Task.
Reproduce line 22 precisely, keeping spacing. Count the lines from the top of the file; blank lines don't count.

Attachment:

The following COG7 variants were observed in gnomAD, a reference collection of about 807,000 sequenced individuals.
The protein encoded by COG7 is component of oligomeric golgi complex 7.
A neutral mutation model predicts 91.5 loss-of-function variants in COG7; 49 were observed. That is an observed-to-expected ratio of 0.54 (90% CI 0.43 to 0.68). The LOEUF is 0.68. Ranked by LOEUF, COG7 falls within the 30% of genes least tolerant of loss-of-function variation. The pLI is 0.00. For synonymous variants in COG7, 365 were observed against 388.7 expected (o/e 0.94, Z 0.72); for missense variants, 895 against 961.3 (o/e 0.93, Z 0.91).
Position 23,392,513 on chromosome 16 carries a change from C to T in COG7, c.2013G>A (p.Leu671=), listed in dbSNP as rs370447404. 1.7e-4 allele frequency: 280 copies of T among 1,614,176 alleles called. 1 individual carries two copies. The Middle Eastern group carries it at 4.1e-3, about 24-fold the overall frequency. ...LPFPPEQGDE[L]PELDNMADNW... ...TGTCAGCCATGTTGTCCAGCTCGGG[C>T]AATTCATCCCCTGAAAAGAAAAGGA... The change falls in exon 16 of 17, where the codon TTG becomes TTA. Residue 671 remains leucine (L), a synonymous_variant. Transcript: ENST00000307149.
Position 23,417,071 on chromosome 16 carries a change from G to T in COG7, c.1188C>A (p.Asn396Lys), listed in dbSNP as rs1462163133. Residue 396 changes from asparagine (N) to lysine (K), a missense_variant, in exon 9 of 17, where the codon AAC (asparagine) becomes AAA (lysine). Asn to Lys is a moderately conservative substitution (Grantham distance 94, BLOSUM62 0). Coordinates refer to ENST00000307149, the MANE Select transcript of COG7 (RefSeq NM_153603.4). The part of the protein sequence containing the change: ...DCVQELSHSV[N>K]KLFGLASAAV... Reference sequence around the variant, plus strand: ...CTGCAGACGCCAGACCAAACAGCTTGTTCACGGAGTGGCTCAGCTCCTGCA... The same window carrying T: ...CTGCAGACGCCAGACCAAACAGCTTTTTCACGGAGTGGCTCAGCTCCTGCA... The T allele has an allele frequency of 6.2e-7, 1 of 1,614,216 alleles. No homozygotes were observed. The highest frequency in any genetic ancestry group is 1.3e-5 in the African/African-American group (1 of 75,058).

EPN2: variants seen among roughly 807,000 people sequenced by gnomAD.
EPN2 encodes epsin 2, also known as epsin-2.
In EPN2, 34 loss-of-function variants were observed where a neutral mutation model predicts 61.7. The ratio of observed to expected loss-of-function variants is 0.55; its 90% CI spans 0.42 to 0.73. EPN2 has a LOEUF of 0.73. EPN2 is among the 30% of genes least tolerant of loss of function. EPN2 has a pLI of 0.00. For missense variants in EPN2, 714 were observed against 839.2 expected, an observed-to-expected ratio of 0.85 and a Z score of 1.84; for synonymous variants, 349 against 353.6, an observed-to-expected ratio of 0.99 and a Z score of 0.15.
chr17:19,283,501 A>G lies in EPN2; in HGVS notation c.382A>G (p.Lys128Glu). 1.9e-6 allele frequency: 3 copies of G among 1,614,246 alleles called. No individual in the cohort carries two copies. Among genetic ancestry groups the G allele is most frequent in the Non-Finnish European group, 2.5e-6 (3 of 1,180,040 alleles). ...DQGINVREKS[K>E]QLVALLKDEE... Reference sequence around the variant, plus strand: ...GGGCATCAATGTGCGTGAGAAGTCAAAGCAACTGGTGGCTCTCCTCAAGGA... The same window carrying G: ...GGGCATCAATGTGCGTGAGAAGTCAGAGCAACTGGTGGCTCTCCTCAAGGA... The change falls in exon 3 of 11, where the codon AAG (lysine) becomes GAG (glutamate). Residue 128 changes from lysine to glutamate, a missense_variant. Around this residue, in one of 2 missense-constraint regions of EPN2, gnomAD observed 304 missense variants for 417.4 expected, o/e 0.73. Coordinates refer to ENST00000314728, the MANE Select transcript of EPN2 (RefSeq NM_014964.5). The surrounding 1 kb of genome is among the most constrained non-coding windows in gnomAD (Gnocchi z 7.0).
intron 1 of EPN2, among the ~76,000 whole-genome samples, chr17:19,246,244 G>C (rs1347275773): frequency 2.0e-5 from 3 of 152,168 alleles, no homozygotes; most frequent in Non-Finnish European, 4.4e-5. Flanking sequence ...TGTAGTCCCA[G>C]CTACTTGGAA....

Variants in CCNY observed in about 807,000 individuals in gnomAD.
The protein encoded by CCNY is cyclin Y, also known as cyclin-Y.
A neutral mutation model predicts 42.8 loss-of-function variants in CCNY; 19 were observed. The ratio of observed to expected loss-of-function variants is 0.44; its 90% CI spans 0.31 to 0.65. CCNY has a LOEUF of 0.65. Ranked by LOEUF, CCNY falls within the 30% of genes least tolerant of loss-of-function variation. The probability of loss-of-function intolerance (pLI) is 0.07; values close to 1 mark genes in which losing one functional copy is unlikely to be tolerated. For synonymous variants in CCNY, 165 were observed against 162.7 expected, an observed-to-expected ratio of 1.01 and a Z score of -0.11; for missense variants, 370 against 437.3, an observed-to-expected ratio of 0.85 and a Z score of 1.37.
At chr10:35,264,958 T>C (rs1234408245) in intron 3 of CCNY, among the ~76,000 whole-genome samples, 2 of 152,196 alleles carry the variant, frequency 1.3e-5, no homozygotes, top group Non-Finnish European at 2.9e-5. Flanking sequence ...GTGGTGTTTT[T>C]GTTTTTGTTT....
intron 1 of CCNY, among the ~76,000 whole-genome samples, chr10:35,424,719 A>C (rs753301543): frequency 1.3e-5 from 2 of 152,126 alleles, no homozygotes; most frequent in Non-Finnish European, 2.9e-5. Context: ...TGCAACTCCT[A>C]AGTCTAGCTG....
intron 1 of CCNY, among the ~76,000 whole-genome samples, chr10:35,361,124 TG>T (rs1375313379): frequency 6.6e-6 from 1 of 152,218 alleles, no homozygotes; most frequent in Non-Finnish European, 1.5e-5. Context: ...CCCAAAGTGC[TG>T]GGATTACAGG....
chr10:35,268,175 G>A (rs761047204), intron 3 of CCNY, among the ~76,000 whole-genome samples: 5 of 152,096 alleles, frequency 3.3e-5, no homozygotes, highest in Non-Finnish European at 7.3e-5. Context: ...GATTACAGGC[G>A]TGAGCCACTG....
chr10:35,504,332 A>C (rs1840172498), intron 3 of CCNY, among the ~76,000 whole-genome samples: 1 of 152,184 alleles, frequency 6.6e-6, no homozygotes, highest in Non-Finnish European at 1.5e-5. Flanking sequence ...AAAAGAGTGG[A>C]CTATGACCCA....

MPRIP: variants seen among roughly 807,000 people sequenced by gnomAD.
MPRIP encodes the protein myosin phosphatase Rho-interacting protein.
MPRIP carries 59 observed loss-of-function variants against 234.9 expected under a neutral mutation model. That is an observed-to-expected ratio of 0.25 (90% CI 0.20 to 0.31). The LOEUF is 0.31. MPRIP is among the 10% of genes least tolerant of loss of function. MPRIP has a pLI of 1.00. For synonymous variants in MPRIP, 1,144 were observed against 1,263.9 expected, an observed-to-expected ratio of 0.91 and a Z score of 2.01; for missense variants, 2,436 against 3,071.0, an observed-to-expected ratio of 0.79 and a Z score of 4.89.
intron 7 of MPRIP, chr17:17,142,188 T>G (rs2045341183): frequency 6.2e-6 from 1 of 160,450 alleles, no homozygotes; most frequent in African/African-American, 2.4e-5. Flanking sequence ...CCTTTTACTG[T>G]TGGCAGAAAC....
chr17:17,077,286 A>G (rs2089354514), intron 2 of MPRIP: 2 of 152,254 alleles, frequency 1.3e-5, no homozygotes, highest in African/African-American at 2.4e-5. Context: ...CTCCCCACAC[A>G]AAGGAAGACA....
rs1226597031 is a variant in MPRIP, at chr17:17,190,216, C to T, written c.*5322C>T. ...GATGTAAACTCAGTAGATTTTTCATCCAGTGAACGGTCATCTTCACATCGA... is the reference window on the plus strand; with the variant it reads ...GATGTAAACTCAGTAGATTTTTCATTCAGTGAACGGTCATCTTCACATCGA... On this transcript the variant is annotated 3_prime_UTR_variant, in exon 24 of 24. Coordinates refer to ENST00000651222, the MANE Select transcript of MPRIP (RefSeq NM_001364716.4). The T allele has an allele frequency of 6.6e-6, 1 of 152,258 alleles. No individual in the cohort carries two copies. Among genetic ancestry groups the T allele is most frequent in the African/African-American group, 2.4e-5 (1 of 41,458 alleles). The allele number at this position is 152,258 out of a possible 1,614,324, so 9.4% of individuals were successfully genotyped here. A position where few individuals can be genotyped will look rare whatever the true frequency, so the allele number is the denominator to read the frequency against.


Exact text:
intron 7 of MPRIP, chr17:17,142,188 T>G (rs2045341183): frequency 6.2e-6 from 1 of 160,450 alleles, no homozygotes; most frequent in African/African-American, 2.4e-5. Flanking sequence ...CCTTTTACTG[T>G]TGGCAGAAAC....